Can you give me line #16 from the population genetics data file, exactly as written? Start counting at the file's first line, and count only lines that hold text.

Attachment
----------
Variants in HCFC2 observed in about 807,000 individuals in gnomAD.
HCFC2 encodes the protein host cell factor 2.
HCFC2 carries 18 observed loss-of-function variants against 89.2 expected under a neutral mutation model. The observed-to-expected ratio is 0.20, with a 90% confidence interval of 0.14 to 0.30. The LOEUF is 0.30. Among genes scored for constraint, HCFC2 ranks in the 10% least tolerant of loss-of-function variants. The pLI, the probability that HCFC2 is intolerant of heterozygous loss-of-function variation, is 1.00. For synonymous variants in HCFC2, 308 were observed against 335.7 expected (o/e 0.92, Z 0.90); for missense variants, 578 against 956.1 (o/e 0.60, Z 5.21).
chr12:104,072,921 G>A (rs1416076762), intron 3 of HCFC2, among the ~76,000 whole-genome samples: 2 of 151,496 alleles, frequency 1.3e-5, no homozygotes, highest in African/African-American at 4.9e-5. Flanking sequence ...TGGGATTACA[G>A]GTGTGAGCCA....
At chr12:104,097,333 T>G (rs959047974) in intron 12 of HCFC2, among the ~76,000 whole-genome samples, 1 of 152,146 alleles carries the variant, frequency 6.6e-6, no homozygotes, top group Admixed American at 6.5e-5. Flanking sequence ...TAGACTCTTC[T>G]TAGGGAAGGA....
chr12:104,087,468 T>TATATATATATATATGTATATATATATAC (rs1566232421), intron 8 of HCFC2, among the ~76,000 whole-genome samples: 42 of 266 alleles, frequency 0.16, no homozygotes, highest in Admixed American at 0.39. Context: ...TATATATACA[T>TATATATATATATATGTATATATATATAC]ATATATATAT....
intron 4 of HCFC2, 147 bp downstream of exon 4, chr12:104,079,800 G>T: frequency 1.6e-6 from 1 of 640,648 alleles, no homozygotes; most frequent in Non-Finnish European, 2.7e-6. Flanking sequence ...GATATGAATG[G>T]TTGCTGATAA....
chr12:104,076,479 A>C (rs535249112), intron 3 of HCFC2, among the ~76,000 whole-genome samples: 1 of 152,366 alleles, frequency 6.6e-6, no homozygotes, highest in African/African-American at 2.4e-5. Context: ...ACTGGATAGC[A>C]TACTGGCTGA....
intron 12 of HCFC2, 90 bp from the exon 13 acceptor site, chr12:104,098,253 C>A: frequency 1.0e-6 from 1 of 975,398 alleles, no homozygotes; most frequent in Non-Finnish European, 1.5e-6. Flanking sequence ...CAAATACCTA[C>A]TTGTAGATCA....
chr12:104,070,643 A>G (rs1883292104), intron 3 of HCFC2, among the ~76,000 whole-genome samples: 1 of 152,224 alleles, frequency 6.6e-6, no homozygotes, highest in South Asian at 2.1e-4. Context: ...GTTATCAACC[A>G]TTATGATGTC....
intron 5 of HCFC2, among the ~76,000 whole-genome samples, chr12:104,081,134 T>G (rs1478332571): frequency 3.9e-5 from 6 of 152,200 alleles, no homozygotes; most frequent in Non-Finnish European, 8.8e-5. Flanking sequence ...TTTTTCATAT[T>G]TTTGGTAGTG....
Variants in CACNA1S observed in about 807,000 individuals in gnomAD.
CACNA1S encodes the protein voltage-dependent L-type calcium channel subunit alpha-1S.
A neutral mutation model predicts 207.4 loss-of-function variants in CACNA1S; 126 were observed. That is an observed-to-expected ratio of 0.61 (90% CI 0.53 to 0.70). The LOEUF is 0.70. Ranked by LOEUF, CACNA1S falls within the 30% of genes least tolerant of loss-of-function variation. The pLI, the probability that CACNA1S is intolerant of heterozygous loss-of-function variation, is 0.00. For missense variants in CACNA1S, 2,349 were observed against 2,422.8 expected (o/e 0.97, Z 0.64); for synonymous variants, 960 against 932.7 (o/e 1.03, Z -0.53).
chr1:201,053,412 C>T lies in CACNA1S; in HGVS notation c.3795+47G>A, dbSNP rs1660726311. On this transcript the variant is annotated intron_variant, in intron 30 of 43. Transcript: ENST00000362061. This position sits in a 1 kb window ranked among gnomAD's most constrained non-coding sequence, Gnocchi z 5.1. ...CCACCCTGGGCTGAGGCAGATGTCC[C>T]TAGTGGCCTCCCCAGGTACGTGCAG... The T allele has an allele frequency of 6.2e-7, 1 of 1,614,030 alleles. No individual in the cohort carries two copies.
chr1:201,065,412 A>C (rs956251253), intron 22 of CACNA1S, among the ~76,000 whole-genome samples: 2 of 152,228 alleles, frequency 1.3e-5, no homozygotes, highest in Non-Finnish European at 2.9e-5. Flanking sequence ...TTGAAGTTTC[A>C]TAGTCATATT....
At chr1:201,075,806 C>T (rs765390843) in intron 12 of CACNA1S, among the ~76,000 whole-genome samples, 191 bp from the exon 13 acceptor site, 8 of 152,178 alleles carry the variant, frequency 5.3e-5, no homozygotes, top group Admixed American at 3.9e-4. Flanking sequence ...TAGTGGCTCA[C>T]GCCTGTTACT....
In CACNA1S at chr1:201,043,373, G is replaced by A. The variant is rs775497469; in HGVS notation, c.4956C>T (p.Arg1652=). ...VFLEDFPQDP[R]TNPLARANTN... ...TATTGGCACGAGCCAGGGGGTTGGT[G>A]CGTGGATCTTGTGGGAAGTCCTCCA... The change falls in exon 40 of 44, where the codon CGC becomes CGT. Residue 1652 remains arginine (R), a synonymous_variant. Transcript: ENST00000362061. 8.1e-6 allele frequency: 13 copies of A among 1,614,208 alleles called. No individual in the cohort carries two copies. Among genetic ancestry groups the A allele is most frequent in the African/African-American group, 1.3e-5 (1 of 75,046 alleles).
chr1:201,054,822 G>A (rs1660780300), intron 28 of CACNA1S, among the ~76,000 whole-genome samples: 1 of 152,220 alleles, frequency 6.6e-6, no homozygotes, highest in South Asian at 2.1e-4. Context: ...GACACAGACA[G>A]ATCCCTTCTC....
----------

chr1:201,065,412 A>C (rs956251253), intron 22 of CACNA1S, among the ~76,000 whole-genome samples: 2 of 152,228 alleles, frequency 1.3e-5, no homozygotes, highest in Non-Finnish European at 2.9e-5. Flanking sequence ...TTGAAGTTTC[A>C]TAGTCATATT....